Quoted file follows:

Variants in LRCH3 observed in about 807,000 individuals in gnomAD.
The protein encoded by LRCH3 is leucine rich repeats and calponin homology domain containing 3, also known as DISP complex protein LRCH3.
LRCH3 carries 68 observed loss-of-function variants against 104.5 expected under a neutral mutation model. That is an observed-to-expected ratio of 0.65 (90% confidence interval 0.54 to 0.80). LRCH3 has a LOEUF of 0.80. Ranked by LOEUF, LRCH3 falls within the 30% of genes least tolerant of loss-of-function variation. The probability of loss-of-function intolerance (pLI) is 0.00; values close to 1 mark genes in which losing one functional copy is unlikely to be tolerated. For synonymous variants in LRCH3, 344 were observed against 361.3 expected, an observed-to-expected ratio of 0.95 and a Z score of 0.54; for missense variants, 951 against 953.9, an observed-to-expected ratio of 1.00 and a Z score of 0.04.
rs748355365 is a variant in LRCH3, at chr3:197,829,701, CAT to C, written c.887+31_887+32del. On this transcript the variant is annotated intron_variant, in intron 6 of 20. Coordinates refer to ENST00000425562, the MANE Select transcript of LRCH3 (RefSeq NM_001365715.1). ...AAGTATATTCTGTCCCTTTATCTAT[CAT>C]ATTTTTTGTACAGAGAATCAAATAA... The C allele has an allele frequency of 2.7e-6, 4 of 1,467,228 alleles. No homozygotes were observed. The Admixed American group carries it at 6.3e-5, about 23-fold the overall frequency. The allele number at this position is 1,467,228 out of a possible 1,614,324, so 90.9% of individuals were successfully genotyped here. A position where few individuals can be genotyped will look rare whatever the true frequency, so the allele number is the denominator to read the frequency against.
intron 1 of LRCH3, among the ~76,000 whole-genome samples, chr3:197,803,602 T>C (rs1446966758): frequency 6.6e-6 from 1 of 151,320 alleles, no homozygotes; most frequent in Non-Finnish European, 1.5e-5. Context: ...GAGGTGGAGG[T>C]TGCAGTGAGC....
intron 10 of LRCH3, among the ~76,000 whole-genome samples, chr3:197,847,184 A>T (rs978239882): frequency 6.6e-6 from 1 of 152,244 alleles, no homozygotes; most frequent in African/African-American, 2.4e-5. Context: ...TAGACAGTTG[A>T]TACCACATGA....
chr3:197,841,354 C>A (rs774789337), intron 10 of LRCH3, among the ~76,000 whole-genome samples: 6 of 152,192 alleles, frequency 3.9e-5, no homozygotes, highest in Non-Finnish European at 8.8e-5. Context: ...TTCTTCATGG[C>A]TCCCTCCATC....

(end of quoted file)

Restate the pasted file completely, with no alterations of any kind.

Variants in LRCH3 observed in about 807,000 individuals in gnomAD.
The protein encoded by LRCH3 is leucine rich repeats and calponin homology domain containing 3, also known as DISP complex protein LRCH3.
LRCH3 carries 68 observed loss-of-function variants against 104.5 expected under a neutral mutation model. That is an observed-to-expected ratio of 0.65 (90% confidence interval 0.54 to 0.80). LRCH3 has a LOEUF of 0.80. Ranked by LOEUF, LRCH3 falls within the 30% of genes least tolerant of loss-of-function variation. The probability of loss-of-function intolerance (pLI) is 0.00; values close to 1 mark genes in which losing one functional copy is unlikely to be tolerated. For synonymous variants in LRCH3, 344 were observed against 361.3 expected, an observed-to-expected ratio of 0.95 and a Z score of 0.54; for missense variants, 951 against 953.9, an observed-to-expected ratio of 1.00 and a Z score of 0.04.
rs748355365 is a variant in LRCH3, at chr3:197,829,701, CAT to C, written c.887+31_887+32del. On this transcript the variant is annotated intron_variant, in intron 6 of 20. Coordinates refer to ENST00000425562, the MANE Select transcript of LRCH3 (RefSeq NM_001365715.1). ...AAGTATATTCTGTCCCTTTATCTAT[CAT>C]ATTTTTTGTACAGAGAATCAAATAA... The C allele has an allele frequency of 2.7e-6, 4 of 1,467,228 alleles. No homozygotes were observed. The Admixed American group carries it at 6.3e-5, about 23-fold the overall frequency. The allele number at this position is 1,467,228 out of a possible 1,614,324, so 90.9% of individuals were successfully genotyped here. A position where few individuals can be genotyped will look rare whatever the true frequency, so the allele number is the denominator to read the frequency against.
intron 1 of LRCH3, among the ~76,000 whole-genome samples, chr3:197,803,602 T>C (rs1446966758): frequency 6.6e-6 from 1 of 151,320 alleles, no homozygotes; most frequent in Non-Finnish European, 1.5e-5. Context: ...GAGGTGGAGG[T>C]TGCAGTGAGC....
intron 10 of LRCH3, among the ~76,000 whole-genome samples, chr3:197,847,184 A>T (rs978239882): frequency 6.6e-6 from 1 of 152,244 alleles, no homozygotes; most frequent in African/African-American, 2.4e-5. Context: ...TAGACAGTTG[A>T]TACCACATGA....
chr3:197,841,354 C>A (rs774789337), intron 10 of LRCH3, among the ~76,000 whole-genome samples: 6 of 152,192 alleles, frequency 3.9e-5, no homozygotes, highest in Non-Finnish European at 8.8e-5. Context: ...TTCTTCATGG[C>A]TCCCTCCATC....